Media Release 10 Nov 2014
Family First NZ is rejecting a report from the Justice and Electoral Select committee which has rejected a petition on street prostitution, labelling the report naïve and oblivious to the concerns of communities.
“Street prostitution continues to plague communities, a fact highlighted by retailers and families in south Auckland and Christchurch being affected by the activities of prostitution, including half-naked prostitutes, street litter including used condoms, propositioning of family members, intimidation, noise and nuisance, and a general reduced sense of safety,” says Bob McCoskrie, National Director of Family First NZ.
“And accounts of home brothels (SOOB’s) where men, willing to pay for sex are visiting nearby homes trying to find the brothel, and concerns about noise, traffic, intimidation, and late-night visits are common experiences from having a brothel in a residential street or next to a school.”
“The decriminalisation of prostitution has been a community disaster harming families, businesses, and the welfare of workers caught in the industry. Cities throughout NZ have been trying to deal with the negative fallout as a result of politicians having passed this law. It is time they now fixed the law.”
“The Select Committee tries to argue that decriminalising prostitution was not about endorsing or morally sanctioning it – a laughable notion. By decriminalising it, they sanctioned it in the minds of many vulnerable people – including young girls,” says Mr McCoskrie.
“The report from the Select Committee also misrepresents the solution that had been put forward. The call was for the prosecution of the buyer and assistance for prostitutes to get out of the industry – not ‘simply banning it’ as suggested by the committee. They also suggest that local approaches are most effective, but local councils have been powerless to act!”
“Sadly, the politicians seem content to perpetuate the inequality that is inherent with prostitution and the purchase of sex. As expressed by Maddy Coy of the London Metropolitan University in her book Prostitution, Harm and Gender Inequality: Theory, Research and Policy – ‘the gender inequality arises from women selling their bodies so men can have almost unrestricted access to them. This is a humiliating and degrading relationship between two people. It is a male demand driven industry. The book claims that sexual and physical violence, as well as psychological harm is endemic in women’s experiences of prostitution’.”
A delegation of former prostitutes appeared before a Select Committee in Parliament last year calling for a change to prostitution laws, and with a plea from the former prostitutes that decriminalisation had failed them and others still in the industry.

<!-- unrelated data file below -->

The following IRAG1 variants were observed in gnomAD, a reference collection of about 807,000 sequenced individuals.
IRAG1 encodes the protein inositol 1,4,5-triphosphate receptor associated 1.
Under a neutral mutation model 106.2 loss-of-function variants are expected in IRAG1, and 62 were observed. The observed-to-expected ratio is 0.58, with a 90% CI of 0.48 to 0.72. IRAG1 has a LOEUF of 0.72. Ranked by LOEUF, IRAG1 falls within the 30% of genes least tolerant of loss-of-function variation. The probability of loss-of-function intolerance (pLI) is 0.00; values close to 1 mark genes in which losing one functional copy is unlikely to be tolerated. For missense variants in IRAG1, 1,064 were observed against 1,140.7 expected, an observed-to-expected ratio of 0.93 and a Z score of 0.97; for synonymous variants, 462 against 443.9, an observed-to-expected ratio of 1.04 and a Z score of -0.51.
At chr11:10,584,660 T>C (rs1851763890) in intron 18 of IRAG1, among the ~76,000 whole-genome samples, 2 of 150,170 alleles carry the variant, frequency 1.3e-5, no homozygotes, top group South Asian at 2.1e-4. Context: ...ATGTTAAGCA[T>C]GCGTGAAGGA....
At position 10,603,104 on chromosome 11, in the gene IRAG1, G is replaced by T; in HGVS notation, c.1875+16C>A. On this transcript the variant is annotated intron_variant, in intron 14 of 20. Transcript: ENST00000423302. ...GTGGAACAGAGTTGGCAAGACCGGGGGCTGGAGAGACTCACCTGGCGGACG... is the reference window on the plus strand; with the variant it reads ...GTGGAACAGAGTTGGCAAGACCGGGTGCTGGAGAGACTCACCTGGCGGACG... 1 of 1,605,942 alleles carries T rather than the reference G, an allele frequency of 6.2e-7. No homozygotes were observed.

Elizabeth Subritzky from the organization Freedom from Sexual Exploitation (FFSE) which sponsored the petition presented to Parliament said that the message from the former prostitutes is that it has wrecked their lives, many suffer from post-traumatic stress disorder, that their troubled upbringings attracted them to prostitution, and that the only solution is to prosecute buyers in order to help prostitutes out of the industry.
“Our government has made legal that which we as a society fail to see as legitimate. Once defined as work, the Prostitution Reform Act (PRA) not only encouraged more men to buy sex, but transformed prostitution into an acceptable, even attractive job for young, poor woman in New Zealand,” says Mrs Subritzky.
“FFSE is asking the government to:
1) consider a national plan of action to combat street prostitution, and
2) pass a law which makes the purchase of sexual services illegal.
Our motivation is to call for laws that protect the women of our country. Research clearly shows that sexual violence and physical assault are the norm for women selling across all sectors of prostitution.”
The submission presented to the MPs states that the PRA has simply played into the hands of the pimps and brothel owners and enabled them to gain a façade of respectability while legally preying on the women they control. It also presents evidence that the over-riding purpose of the 2003 Act, of making prostitution safer for the sellers, has failed. Many sellers live on their nerves in circumstances where a substantial proportion of prostitutes each year are subject to assault and threats of violence. A government report also identified that 3% had been raped by a client.[i]
“No other legalised industry comes within a hint of such violence. If they did they would be shut down by OSH,” says Mrs Subritzky.
[i] Prostitution Law Review Committee Report 2008, Table 11, p56